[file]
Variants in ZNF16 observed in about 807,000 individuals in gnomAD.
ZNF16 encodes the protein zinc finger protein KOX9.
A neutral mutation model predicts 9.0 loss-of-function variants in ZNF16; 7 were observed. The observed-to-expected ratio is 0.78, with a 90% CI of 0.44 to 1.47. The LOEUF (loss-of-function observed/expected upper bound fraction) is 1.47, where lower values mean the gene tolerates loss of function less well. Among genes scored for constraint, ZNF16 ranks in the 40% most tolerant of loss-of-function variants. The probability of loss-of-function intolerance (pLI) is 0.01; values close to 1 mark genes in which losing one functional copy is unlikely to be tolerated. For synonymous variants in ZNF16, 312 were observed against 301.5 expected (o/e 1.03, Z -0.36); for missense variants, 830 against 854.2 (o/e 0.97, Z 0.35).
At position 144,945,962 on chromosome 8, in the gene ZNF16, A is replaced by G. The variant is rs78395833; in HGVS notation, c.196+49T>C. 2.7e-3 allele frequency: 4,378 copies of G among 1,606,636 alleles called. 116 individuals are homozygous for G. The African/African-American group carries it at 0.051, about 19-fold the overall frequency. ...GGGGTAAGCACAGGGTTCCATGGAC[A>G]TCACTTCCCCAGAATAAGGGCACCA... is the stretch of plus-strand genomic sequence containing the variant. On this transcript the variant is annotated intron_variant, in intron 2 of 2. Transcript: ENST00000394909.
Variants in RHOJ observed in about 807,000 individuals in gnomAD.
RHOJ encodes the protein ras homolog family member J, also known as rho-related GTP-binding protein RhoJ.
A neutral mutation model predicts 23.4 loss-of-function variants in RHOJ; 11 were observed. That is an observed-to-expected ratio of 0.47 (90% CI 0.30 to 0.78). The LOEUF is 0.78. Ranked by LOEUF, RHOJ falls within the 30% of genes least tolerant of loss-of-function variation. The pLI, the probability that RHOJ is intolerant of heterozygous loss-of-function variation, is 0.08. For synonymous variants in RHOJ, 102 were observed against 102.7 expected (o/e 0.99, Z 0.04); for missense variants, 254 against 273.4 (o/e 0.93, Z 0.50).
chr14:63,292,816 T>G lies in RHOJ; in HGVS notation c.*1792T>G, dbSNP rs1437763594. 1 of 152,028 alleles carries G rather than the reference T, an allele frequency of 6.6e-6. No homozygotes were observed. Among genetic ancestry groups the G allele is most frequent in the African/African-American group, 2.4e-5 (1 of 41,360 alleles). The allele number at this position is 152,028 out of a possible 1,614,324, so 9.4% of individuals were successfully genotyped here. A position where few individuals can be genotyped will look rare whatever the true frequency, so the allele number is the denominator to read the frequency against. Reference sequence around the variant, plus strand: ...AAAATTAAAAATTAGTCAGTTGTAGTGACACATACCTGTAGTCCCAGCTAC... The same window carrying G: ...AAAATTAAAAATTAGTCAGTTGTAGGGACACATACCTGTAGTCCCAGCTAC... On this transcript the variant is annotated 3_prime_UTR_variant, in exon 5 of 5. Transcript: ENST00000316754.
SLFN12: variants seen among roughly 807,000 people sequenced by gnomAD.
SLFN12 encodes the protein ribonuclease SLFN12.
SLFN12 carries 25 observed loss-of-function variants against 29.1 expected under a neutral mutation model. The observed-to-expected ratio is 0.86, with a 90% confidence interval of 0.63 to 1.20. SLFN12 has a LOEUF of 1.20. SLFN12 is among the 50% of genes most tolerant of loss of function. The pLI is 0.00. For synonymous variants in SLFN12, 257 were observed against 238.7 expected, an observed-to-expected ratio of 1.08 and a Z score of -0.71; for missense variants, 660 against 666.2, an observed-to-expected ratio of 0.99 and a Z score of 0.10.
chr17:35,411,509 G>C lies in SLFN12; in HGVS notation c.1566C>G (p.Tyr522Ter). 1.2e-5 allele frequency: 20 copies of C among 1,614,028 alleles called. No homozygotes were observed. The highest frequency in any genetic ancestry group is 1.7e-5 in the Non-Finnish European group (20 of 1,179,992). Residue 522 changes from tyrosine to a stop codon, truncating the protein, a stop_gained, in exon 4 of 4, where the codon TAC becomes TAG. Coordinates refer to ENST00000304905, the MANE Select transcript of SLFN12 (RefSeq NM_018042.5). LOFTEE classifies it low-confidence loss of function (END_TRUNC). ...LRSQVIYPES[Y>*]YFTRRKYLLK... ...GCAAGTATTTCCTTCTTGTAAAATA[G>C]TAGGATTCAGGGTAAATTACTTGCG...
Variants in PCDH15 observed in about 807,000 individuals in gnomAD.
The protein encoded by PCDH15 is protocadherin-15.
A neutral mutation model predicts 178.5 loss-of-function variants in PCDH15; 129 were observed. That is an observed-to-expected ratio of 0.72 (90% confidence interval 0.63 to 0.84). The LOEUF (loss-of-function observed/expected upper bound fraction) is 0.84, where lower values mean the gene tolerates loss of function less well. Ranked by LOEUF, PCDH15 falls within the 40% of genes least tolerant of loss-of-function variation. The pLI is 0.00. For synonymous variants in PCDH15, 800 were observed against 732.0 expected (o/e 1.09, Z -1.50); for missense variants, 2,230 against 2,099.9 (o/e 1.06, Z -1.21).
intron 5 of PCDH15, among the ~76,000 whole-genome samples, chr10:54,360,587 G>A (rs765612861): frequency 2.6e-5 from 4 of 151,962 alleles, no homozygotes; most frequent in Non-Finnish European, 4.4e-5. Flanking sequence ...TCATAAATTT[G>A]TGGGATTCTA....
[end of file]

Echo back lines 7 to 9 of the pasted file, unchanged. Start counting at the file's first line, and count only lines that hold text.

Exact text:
A neutral mutation model predicts 23.4 loss-of-function variants in RHOJ; 11 were observed. That is an observed-to-expected ratio of 0.47 (90% CI 0.30 to 0.78). The LOEUF is 0.78. Ranked by LOEUF, RHOJ falls within the 30% of genes least tolerant of loss-of-function variation. The pLI, the probability that RHOJ is intolerant of heterozygous loss-of-function variation, is 0.08. For synonymous variants in RHOJ, 102 were observed against 102.7 expected (o/e 0.99, Z 0.04); for missense variants, 254 against 273.4 (o/e 0.93, Z 0.50).
chr14:63,292,816 T>G lies in RHOJ; in HGVS notation c.*1792T>G, dbSNP rs1437763594. 1 of 152,028 alleles carries G rather than the reference T, an allele frequency of 6.6e-6. No homozygotes were observed. Among genetic ancestry groups the G allele is most frequent in the African/African-American group, 2.4e-5 (1 of 41,360 alleles). The allele number at this position is 152,028 out of a possible 1,614,324, so 9.4% of individuals were successfully genotyped here. A position where few individuals can be genotyped will look rare whatever the true frequency, so the allele number is the denominator to read the frequency against. Reference sequence around the variant, plus strand: ...AAAATTAAAAATTAGTCAGTTGTAGTGACACATACCTGTAGTCCCAGCTAC... The same window carrying G: ...AAAATTAAAAATTAGTCAGTTGTAGGGACACATACCTGTAGTCCCAGCTAC... On this transcript the variant is annotated 3_prime_UTR_variant, in exon 5 of 5. Transcript: ENST00000316754.
SLFN12: variants seen among roughly 807,000 people sequenced by gnomAD.